Dad Planted Acorns

Memories are a big part of what gets you through the days of inevitable grief when you lose a dear one to death. I’ve been amazed the past couple of days at how many times I’ve panicked thinking “Oh no. Who is taking care of Dad? Am I supposed to be there?” And then I remember the painful reality is that I will see his body tomorrow, but not HIM. I’ll have to wait a while to see the new “him.” When I do, I will know him and we will have forever to reminisce and catch up.

 

And then I go to the only place I can see him with clarity and detail–my memory bank. Here is one memory from 2010 about a “roasting” of my dad in his Prime-Timers group. I’m glad I wrote about it that night when I got home because, every time I read it, the sweet memory is newly etched in my heart. I know there are blessings all around and all 58 years that I’ve had my dad have been nothing but gifts. I know he is in glory. I know he is wholly healed.  In fact, I cannot understand why my heart hurts this week; I just know it does. I think God must give daughters who have good dads a special insight into what devotion to a father is like, so they can be all the more devoted in service to THE Father. I hope it can be true, in my case, anyway.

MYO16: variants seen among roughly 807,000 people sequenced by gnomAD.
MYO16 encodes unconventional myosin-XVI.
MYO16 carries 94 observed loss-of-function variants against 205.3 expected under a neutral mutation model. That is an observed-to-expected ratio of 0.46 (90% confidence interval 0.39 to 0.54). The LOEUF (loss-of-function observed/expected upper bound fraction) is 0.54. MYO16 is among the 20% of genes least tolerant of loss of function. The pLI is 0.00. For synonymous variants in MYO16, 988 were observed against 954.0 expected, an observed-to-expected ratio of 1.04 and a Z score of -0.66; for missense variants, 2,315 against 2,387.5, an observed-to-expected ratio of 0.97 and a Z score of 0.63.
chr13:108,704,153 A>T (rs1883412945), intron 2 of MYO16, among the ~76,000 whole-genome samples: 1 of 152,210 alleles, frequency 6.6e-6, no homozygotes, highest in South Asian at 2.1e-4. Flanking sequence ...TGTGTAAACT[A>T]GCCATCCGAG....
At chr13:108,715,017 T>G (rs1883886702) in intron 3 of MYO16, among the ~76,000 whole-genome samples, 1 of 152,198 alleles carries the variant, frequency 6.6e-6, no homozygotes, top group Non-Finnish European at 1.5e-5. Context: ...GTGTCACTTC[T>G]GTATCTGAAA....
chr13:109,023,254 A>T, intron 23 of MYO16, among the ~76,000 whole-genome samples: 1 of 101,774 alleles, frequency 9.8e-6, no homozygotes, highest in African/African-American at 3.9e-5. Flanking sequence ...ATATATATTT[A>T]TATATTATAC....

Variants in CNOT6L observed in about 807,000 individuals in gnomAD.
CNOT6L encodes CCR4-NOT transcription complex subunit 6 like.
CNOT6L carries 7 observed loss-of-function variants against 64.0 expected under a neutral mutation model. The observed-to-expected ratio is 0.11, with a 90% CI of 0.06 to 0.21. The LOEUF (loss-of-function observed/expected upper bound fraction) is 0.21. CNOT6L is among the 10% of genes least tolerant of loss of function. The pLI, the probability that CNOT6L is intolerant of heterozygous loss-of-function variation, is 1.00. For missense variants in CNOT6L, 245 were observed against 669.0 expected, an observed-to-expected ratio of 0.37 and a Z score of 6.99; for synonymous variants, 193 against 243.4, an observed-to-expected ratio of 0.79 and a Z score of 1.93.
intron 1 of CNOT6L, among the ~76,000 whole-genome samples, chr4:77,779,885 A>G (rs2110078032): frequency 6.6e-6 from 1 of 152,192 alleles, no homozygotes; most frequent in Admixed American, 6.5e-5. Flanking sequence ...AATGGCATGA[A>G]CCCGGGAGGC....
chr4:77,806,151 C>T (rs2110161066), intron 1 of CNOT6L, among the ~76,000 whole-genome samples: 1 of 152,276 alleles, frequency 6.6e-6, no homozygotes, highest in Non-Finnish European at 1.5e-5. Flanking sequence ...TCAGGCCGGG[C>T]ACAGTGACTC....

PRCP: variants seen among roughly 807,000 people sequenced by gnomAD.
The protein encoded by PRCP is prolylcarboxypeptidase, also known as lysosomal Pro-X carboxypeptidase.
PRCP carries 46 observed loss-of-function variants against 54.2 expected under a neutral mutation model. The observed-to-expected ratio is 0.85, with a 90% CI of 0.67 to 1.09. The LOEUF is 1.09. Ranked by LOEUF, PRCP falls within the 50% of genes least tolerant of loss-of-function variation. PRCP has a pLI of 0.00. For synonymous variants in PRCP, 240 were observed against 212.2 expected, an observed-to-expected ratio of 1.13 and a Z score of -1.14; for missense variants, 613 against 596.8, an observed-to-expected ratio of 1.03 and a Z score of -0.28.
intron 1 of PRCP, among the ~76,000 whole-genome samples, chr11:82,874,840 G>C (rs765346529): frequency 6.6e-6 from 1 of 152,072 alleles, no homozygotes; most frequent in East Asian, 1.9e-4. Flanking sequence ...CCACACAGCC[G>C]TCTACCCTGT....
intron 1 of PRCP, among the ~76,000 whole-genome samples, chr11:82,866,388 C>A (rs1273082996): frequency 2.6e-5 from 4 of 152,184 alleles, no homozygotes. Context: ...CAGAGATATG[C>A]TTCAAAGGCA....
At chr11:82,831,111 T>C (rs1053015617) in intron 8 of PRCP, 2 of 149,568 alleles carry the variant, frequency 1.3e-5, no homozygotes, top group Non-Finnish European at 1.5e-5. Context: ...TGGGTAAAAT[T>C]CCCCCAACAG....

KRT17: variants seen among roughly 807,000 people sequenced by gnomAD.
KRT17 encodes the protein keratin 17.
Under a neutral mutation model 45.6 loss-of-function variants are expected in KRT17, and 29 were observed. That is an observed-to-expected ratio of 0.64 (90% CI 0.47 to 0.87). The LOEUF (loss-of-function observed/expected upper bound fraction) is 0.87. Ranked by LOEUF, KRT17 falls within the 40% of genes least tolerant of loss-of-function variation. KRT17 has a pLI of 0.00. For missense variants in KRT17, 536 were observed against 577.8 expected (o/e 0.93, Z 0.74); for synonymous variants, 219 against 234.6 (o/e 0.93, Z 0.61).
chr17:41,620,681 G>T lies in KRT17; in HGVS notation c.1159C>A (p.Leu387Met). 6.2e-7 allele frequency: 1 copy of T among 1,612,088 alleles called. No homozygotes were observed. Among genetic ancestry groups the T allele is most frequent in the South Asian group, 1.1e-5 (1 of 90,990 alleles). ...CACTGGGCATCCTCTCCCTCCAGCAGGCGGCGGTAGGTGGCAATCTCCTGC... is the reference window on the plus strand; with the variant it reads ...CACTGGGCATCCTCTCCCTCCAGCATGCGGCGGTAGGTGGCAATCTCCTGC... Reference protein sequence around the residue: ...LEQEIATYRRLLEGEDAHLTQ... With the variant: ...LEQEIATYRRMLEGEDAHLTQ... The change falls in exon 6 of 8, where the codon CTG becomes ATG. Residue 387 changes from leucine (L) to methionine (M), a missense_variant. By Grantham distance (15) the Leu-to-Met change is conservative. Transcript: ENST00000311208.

Here’s a good memory from the archives. It was written during  my dad’s 88th year:

 

Tonight I went back to the fellowship hall of the congregation where I attended the first five years of my life for a get-together of those sixty-ish and above. My dad is eighty-seven, so he is definitely the senior member of the senior group. He sometimes talks about how it’s fun to go be with those people except “some of them are just really old.” He sometimes tells me on those Thursday nights that he’s going to meet with  the “Alzheimer’s group.”  Tonight Dad took pimiento and cheese sandwiches and egg salad sandwiches. His egg salad is the best ever.